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United States v. Solomon

United States District Court, E.D. Michigan, Southern Division

April 27, 2017

UNITED STATES OF AMERICA, Plaintiff/Respondent,
VINCENT JOSEPH SOLOMON, Defendant/Petitioner.



         I. Introduction

         This is a criminal case. Defendant/Petitioner Vincent Joseph Solomon (Petitioner), proceeding pro se, plead guilty to possessing and receiving child pornography, in violation of 18 U.S.C.§ 2252A(a)(2) and 18 U.S.C. § 2252A(a)(5)(B).[2]Petitioner received a below-guideline sentence of 120 months and one-day. His conviction and sentence were affirmed on appeal.

         Before the Court is Petitioner's motion under 28 U.S.C. § 2255 in which he claims (1) factual errors in his presentence report, (2) improper waiver of objections to the presentence report, (3) improper bond condition, (4) ineffective assistance of counsel, and (5) failure of the government to file a motion for downward departure. The government contends that the motion should be denied because (1) it seeks to re-litigate several issues that were raised and considered on direct appeal, (2) other issues are procedurally defaulted, and (3) the claims, particularly ineffective assistance of counsel, lack merit.

         For the reasons that follow, the motion will be denied.[3]

         II. Background

         At his plea hearing, Petitioner acknowledged that he was satisfied with his attorney's representation. (Doc. 49, Plea Hearing Tr., Page ID 331). Petitioner also acknowledged that he did not execute a Rule 11 plea agreement because, despite months of negotiations, the parties could not come to an agreement regarding forfeiture. Id. Page ID 324.

         At sentencing, [4] Petitioner admitted his guilt. During the sentencing hearing, the parties also acknowledged that all guideline disputes had been resolved. (Doc. 50, Sentencing Tr., Page ID 356-57). Thereafter, the Court explained that views on child pornography were well known and had “very serious concerns about the [child pornography guideline] enhancements.” Id. Page ID 361, 394. The Court calculated Petitioner's base offense level as 22 with the following enhancements: two levels for material involving prepubescent minors or those under the age of twelve, two levels because the offense involved distribution through peer-to-peer file sharing, four levels for material portraying sadistic or masochistic conduct or other depictions of violence, and five levels because the offense involved 600 or more images.[5] After argument, the Court did not apply the two-level enhancement for the “use of a computer.” With a three-level reduction of acceptance of responsibility, Petitioner's total offense level was 32. With a criminal history of category I, the Court calculated Petitioner's guideline range of 121 to 151 months.[6]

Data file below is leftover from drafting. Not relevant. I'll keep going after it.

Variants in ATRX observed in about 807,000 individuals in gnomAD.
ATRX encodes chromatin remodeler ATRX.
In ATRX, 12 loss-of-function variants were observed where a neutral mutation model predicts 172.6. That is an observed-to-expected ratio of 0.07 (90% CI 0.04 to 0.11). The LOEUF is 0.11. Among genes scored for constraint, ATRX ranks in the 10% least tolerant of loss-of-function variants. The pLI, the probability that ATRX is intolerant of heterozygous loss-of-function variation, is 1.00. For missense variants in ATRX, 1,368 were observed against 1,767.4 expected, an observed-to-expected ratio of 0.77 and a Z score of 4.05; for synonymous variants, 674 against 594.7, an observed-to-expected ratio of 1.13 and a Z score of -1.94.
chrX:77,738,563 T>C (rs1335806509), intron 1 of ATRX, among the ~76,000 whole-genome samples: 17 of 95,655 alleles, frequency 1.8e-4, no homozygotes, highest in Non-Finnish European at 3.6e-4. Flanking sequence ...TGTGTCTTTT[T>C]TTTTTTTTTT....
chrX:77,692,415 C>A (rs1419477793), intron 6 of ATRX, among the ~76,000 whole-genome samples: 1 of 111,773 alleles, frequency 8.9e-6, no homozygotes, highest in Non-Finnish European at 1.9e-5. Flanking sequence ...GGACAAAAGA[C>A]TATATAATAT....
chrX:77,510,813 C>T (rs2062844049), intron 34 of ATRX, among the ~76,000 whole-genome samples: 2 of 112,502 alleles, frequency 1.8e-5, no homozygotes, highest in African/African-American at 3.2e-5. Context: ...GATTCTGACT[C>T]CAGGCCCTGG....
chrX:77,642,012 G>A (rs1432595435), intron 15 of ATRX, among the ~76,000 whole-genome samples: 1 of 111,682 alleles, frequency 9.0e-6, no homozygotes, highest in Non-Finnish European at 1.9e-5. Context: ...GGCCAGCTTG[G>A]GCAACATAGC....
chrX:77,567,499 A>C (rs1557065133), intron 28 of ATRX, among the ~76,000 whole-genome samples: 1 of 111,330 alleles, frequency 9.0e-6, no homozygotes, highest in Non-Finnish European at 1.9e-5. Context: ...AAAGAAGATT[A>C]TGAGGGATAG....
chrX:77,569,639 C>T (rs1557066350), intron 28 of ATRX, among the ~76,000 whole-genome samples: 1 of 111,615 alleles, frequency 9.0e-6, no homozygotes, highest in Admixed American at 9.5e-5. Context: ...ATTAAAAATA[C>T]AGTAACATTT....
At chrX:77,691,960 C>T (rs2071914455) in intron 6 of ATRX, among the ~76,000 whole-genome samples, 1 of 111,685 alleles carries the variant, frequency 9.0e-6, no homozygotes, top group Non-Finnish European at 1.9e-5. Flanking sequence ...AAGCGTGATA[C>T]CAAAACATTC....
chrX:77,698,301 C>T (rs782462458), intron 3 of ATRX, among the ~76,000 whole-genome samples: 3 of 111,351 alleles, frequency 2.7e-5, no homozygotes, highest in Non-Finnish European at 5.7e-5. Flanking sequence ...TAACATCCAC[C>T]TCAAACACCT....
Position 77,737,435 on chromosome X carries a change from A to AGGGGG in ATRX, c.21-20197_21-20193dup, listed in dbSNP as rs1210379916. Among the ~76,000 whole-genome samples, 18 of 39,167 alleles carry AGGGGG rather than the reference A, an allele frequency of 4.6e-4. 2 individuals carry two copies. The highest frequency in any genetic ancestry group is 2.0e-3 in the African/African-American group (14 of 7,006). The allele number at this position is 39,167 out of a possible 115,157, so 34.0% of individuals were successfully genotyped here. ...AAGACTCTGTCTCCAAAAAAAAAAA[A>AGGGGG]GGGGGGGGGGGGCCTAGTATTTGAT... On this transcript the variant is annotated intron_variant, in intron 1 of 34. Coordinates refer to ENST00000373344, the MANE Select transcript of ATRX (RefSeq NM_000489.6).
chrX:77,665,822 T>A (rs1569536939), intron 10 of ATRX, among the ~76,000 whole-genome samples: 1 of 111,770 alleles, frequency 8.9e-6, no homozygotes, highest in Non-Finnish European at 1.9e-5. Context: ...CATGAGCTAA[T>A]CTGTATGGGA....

The Court then addressed Petitioner's non-guideline objections, rejecting them. Ultimately, as noted above, Petitioner received a 120 month and 1 day sentence. Petitioner appealed and was appointed new counsel on appeal. Appellate counsel filed a brief and a motion to withdraw under Anders v. California, 386 U.S. 738 (1967). Counsel raised the following claims: (1) whether Petitioner's plea was voluntary, (2) whether trial counsel was ineffective in not objecting to a bond condition, not pursuing at the sentencing hearing objections that Petitioner himself had filed, and not objecting to factual errors in the presentence report as to the number of images, and (3) whether the government improperly refused to file a motion for downward departure based on substantial assistance. The Court of Appeals for the Sixth Circuit rejected each claim, affirming Petitioner's conviction and sentence. United States v. Solomon, No. 14-1924 (6th Cir. Mar. 10, 2015).

         Petitioner subsequently filed the instant motion.

         III. Legal Standard

         28 U.S.C. § 2255:

A prisoner in custody under a sentence of a court established by Act of Congress claiming the right to be released upon the ground that the sentence imposed was in violation of the Constitution or laws of the United States, or that the court was without jurisdiction to impose such a sentence, or that the sentence was in excess of the maximum authorized by law, or is otherwise subject to collateral attack, may move the court which imposed the sentence to vacate, set aside, or correct the sentence.

28 U.S.C. § 2255(a). To prevail on a § 2255 motion, “a petitioner must demonstrate the existence of an error of constitutional magnitude which has a substantial and injurious effect or influence on the guilty plea or the jury's verdict.” Humphress v. United States, 398 F.3d 855, 858 (6th Cir. 2005). A movant can prevail on a § 2255 motion alleging non-constitutional error only by establishing a “fundamental defect which inherently results in a complete miscarriage of justice, or an ...

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